There is strong consensus across the PR industry for an approach to crisis management that emphasizes proactive outreach, transparency, visible resolution and executive presence. But not all companies subscribe to that strategy. Witness the recent crisis involving Rolls-Royce – whose fiery engine failure on a Qantas jumbo jet forced the airplane to make an emergency landing.

In the face of intensive global media coverage – and speculation on the cause of the engine failure – Rolls limited its initial response to two terse written statements (buried in its website) which essentially said it was looking into the problem. The tone and content of the statements is very much “stiff upper lip”: factual, low-key and devoid of any emotion or empathy. Written by and for engineers. Almost as a after-thought – literally the last sentence of the statement – the Rolls memos assure readers that safety remains the company’s highest priority.

The muted response from Rolls is in stark contrast to both Qantas and Airbus – who built the A380 jet involved in the emergency. As reported by the Wall Street Journal in this article, the Qantas CEO followed the standard airline playbook by being front-and-center in several news conferences and discussing progress in the investigation. Airbus, for its part, put the ball squarely back in Rolls’ court and said it was delaying further A380 deliveries until the engine problem was fully addressed. At the same time, Airbus continues to promote its products and track record through a considerable marketing effort.

Some experts quoted in the media suggest the key to a positive resolution for Rolls is finding an explanation and quick solution to the engine problem, rather than a vigorous public outreach. Rolls’ brand reputation, they posit, is based more on quality and customer service than on any public profile. Other observers say Rolls prefers a robust behind-the-scenes approach that focuses on identifying and fixing problems (and working with partners) rather than providing a stream of public commentary. In other words, the quality of the products and customer service will ultimately protect the brand equity. As one pundit puts it: they have been here before and their approach is “this will pass.” One interesting theory is that Rolls executives became even more gun-shy about public announcements in the wake of the universal criticism of BP executive Tony Heyward. Finally, it’s worth noting there is a fundamental difference between Rolls and Qantas, in that the former sells to companies while the airline interacts directly with customers. It’s a natural tendency for B2B companies to focus on direct communication with their corporate customers than through the public.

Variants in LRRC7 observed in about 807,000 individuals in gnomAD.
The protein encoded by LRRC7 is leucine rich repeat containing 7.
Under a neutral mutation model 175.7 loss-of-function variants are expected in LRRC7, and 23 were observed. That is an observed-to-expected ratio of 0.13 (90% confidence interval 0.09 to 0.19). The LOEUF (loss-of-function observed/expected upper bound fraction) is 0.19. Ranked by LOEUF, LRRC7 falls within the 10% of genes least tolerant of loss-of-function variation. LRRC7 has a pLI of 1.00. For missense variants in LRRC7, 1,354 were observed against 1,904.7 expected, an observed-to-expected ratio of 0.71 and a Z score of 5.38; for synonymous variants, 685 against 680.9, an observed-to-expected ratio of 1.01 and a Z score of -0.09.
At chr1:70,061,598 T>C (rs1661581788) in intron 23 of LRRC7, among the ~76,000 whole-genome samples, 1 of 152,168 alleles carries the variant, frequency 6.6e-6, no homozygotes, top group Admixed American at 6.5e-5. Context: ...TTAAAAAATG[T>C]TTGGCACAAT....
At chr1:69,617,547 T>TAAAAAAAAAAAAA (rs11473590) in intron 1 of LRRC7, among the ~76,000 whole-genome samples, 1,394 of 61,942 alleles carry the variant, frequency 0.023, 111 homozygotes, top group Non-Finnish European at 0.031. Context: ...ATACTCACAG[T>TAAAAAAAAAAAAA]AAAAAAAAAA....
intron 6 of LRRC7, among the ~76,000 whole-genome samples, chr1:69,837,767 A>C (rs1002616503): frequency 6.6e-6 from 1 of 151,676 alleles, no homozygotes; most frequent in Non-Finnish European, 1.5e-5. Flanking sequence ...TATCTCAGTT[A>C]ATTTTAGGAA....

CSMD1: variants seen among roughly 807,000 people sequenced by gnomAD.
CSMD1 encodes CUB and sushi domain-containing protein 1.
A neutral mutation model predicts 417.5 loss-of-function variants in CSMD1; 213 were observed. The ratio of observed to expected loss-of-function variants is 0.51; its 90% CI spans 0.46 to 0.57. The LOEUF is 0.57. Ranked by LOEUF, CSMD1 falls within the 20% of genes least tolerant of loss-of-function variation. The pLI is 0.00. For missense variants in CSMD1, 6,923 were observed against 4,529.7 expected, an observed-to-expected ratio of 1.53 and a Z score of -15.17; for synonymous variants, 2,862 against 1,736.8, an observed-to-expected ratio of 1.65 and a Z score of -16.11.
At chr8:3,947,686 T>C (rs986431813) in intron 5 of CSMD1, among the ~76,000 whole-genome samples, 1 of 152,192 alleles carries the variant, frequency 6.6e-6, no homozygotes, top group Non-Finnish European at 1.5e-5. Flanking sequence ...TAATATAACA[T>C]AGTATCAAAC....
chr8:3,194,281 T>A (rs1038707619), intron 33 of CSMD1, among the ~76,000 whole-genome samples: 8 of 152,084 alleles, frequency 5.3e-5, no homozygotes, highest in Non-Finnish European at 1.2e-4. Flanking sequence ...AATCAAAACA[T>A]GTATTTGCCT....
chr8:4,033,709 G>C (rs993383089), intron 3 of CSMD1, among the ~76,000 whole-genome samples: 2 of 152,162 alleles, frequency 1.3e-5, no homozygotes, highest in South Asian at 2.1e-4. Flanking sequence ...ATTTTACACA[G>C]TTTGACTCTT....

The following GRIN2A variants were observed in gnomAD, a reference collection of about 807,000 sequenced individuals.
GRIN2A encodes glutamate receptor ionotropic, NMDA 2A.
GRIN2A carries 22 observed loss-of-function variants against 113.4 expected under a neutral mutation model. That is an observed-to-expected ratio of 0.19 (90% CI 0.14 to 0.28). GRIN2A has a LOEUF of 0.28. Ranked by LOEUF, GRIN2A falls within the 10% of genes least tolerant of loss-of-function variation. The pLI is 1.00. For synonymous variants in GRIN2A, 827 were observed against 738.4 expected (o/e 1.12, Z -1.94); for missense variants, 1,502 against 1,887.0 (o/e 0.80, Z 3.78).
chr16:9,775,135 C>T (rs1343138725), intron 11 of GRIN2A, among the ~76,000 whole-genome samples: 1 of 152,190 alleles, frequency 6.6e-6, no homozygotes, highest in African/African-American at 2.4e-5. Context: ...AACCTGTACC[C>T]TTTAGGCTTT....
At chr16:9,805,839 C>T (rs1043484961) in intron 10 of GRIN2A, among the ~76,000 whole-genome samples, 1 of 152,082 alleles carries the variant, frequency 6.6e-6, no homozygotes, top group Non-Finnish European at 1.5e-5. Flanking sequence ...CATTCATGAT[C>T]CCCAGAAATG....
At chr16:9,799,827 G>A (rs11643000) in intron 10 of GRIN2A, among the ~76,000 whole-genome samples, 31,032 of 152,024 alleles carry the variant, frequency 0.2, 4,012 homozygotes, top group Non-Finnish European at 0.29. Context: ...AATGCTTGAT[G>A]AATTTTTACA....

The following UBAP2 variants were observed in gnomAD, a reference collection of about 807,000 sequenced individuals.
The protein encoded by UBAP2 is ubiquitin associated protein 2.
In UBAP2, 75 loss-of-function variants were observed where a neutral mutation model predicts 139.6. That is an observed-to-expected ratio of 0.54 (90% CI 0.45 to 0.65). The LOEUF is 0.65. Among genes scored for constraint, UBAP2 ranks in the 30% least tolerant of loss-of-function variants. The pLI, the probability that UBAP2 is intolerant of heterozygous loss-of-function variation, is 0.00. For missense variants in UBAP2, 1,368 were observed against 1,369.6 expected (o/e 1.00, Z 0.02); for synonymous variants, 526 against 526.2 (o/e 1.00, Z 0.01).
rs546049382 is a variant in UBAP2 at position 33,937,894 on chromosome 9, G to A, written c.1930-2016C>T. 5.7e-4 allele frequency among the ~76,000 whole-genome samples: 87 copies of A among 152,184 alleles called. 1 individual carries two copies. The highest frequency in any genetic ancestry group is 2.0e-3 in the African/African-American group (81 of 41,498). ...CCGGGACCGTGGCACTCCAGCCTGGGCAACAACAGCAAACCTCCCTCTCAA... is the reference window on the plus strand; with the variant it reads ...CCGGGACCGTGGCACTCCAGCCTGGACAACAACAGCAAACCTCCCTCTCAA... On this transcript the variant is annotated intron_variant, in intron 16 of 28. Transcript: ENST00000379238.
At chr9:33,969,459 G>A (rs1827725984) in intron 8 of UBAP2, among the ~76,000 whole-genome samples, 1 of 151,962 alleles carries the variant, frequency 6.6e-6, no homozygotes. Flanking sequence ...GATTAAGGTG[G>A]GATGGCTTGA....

Has the Rolls approach worked? It may be too soon to tell, but on one short-term metric – share price – they have failed. Reports this week in several major news outlets – including this one – suggest uncertainty from the crisis has wiped out 10% of Rolls’ share price, or about $1.5 billion of the company’s value.

Though there is merit on focusing on thorough investigation and resolution during a crisis rather than self-serving media activities, Rolls fails to recognize that the debate on its brand and products is now occurring in the public arena. The company’s reluctance to engage in dialogue is creating a vacuum others are only too happy to fill. It is also naive to hide behind the cloak of engineering prowess and focus on direct outreach to corporate customers, since B2C companies like Qantas will certainly consider consumer opinion and brand reputation when selecting their equipment partners. Another lesson some companies have learned the hard way in recent years is that brand reputation is ephemeral – even one with a rich history like Rolls-Royce.

Ultimately, Rolls’ unwillingness to share information and engage in conversation suggests a sense of arrogance and stubbornness that is totally out of sync with prevailing trends on communication and consumer interaction. It will be interesting to see how this all turns out for the major players.

Advertisements